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The Lublin-Maidanek Complex and Austrian Justice
The Austrian Central Research Center for Postwar Justice is carrying out a project in 2009/2010 concerning the involvement of Austrians in perpetrating crimes in the Maidanek concentration camp and their juridical prosecution.
The question of the involvement of Austrian perpetrators in Nazi war crimes has led to numerous disputes both in Austria and abroad. Austria has been criticized, especially for not undertaking enough to track down Nazi perpetrators and bring them to justice .
Recently the case of Erna Wallisch, a former guard n the Maidanek concentration camp who was living in Vienna, raised public attention. During the investigations against Wallisch, the Austrian Federal Ministry of Justice entrusted the Research Center for Postwar Justice the assignment of assessing from a historical research point of view the potential possibility of the criminal prosecution of Nazi war crimes committed in the Majdanek concentration camp.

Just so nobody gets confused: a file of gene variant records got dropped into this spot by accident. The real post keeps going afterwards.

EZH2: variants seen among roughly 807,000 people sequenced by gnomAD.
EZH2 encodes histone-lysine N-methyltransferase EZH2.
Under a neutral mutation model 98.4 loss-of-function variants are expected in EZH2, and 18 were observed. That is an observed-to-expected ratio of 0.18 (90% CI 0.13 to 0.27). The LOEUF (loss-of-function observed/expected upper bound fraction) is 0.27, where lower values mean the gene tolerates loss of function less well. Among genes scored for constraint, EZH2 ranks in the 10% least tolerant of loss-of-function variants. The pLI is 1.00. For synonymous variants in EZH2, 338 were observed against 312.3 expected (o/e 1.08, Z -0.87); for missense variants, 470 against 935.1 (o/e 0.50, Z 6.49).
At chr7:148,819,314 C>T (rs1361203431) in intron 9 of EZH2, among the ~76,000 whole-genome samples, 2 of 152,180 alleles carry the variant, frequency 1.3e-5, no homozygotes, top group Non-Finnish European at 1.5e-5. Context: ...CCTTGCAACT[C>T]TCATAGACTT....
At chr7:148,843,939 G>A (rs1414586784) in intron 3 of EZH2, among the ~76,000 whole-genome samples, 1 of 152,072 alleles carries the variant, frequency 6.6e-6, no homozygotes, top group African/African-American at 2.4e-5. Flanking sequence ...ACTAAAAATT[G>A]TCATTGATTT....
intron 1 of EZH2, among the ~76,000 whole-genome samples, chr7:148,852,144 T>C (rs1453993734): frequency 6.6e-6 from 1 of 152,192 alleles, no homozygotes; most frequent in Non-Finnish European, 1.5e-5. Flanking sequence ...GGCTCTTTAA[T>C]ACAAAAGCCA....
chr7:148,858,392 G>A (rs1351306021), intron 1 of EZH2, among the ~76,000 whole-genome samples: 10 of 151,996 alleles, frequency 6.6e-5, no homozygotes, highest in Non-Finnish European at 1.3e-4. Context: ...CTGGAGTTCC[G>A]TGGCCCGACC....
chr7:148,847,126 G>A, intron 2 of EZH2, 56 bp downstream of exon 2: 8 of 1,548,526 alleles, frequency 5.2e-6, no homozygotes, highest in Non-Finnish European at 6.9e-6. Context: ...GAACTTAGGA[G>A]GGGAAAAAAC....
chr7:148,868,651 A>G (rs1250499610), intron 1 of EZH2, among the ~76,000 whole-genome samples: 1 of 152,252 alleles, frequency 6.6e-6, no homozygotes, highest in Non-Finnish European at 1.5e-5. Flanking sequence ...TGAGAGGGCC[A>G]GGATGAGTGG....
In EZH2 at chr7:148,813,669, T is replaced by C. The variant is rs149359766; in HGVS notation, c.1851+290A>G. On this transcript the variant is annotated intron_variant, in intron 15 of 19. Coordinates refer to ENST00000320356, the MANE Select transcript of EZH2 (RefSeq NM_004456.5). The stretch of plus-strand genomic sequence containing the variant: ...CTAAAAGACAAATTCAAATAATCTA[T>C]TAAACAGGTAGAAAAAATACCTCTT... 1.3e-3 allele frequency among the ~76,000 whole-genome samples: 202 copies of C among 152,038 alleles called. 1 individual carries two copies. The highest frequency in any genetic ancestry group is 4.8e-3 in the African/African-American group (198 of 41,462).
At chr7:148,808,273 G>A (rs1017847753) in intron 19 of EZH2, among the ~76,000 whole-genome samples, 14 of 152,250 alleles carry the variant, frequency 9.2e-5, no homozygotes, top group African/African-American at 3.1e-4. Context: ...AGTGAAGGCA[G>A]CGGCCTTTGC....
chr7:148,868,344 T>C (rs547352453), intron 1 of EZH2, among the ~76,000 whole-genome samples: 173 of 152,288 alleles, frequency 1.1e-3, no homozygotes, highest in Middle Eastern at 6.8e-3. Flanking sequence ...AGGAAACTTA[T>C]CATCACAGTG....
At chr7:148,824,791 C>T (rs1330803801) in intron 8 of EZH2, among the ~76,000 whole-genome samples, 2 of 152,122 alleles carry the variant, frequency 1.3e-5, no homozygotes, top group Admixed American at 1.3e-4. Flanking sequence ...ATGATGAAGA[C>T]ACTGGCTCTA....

Unlike Auschwitz and Mauthausen—the other two concentration camps where Austrians made up a significant part of the security guards—no Austrian criminal proceedings concerning Maidanek ended with a conviction. The juridical investigation against more than 50 defendants which took place in the 1960s and 1970s in Graz ended with the suspension of the proceedings.
The goal of the research undertaking of the Research Center is to analyze the process and results of the Austrian proceedings regarding the clarification and punishment of the perpetrators in the Majdanek concentration and extermination camp and compare them with the proceedings conducted in Poland and Germany.
Furthermore the testimony of surviving prisoners is to be inspected—in court records as well in collections of interviews of survivors in the USA and Israel. The goal is to find persons who would be able to act as witnesses in a potential Austrian Maidanek court case. It is also planed to invite survivors of the Majdanek concentration camp to a meeting concerning the role of eye witnesses in the investigation of war crimes in Nazi concentration camps.
The results of the research project scheduled over one and a half years will be presented to the public in the form of a publication and a conference.